The large wing housing the girls was built on the north side of the convent while a chapel was erected on the east side. Both were formally opened on 11 January 1933.
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The flint structure is not part of the Norman Manor House. It is a folly created in Victorian times from some of the
material used in the old house. In the background can be seen the new wing built in the 1930s.
It was said that during the Second World War some bombs fell on or near the convent. On 8 February 1946 during a fierce gale, a corrugated iron roof blew off a cycle shelter at the convent and struck a passing car, causing head injuries to the driver.
The nuns wore full black habits with only their faces and hands visible. They were obliged to keep silence most of the time. Like the girls, the nuns too slept in dormitories in the early days. They had no idea what was taking place in the world outside because no newspapers were allowed and there was no radio. The nuns and the girls attended Mass at 7 a.m. every morning.
But for Sister Leila who arrived at St Marye’s Convent in the 1930s, her most vivid memory sixty years later was the endless scrubbing, as if cleanliness really were next to Godliness. Sister Leila said ‘I’ll never forget the scrubbing of floors and the poor sore knees but we didn’t complain.’
Some much-needed light relief was provided by the concerts staged by the girls and by the celebration of the great Christian festivals. The Feast of Corpus Christi in the summer was a great event when there would be a grand procession starting off from the church of Our Lady, Star of the Sea and St Denis in Church Road, Portslade, up to the convent. All the Catholic children took part, the young girls wearing white dresses, the priest in fine vestments, the server with swinging censer – it was indeed a sight to behold and this event continued until the 1960s. Today, looking at the congested conditions at the Southern Cross crossroads, it is hard to imagine it happening so recently.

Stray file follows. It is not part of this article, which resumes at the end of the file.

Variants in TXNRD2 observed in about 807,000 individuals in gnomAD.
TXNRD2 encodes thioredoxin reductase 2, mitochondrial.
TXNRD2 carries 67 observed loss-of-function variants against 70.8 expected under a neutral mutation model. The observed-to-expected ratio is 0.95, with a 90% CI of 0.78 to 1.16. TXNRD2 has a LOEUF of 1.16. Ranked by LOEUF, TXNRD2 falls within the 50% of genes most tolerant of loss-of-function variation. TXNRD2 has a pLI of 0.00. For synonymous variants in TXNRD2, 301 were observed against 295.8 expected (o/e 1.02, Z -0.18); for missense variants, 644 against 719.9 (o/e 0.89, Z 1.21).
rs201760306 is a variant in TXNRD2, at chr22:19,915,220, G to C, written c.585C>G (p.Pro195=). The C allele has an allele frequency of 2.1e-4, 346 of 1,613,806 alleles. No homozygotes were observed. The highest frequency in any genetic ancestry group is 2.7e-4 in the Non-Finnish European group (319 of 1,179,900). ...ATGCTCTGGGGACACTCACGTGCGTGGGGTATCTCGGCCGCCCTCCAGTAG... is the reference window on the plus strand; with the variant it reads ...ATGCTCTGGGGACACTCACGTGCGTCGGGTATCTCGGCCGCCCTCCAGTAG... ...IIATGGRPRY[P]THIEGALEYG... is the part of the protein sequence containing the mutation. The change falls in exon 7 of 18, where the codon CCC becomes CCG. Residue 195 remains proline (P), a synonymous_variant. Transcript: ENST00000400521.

Mary Adams found convent life very hard, not that she had ever been consulted about being there. She was born in 1930 and came from a broken home, being despatched to boarding school at the tender age of four. She arrived at St Marye’s Convent in 1947, having been told that she would stay for two years in order to learn domestic skills. After that time she hoped to find a job and also perhaps a husband. But her mother thought otherwise and insisted she stay on at the convent; she remained for 21 long, hard-working years. Her mother continued to hold sway over her life. For instance, in 1963 when Mary was enjoying her domestic duties in the priest’s house, her mother was furious about the arrangement and insisted she stayed in the convent.
Mary Adams used to get up at 5 a.m. to let around 200 hens into their run. There were six cows to look after and four large fields where potatoes, cauliflowers, parsnips, Swedes and sprouts were grown. Although there were male gardeners, Mr King and his son, there was still a great deal of work to be done by the girls. Haymaking was particularly hard work with old-fashioned pitchforks and it was a hot day’s toil from 8.30 a.m. to 9 p.m. Discipline was harsh and after several warnings because she had failed to clean her Wellington boots properly after work, Mary was made to kneel with the offending boots strung around her neck in the middle of the dining room for three entire meal times.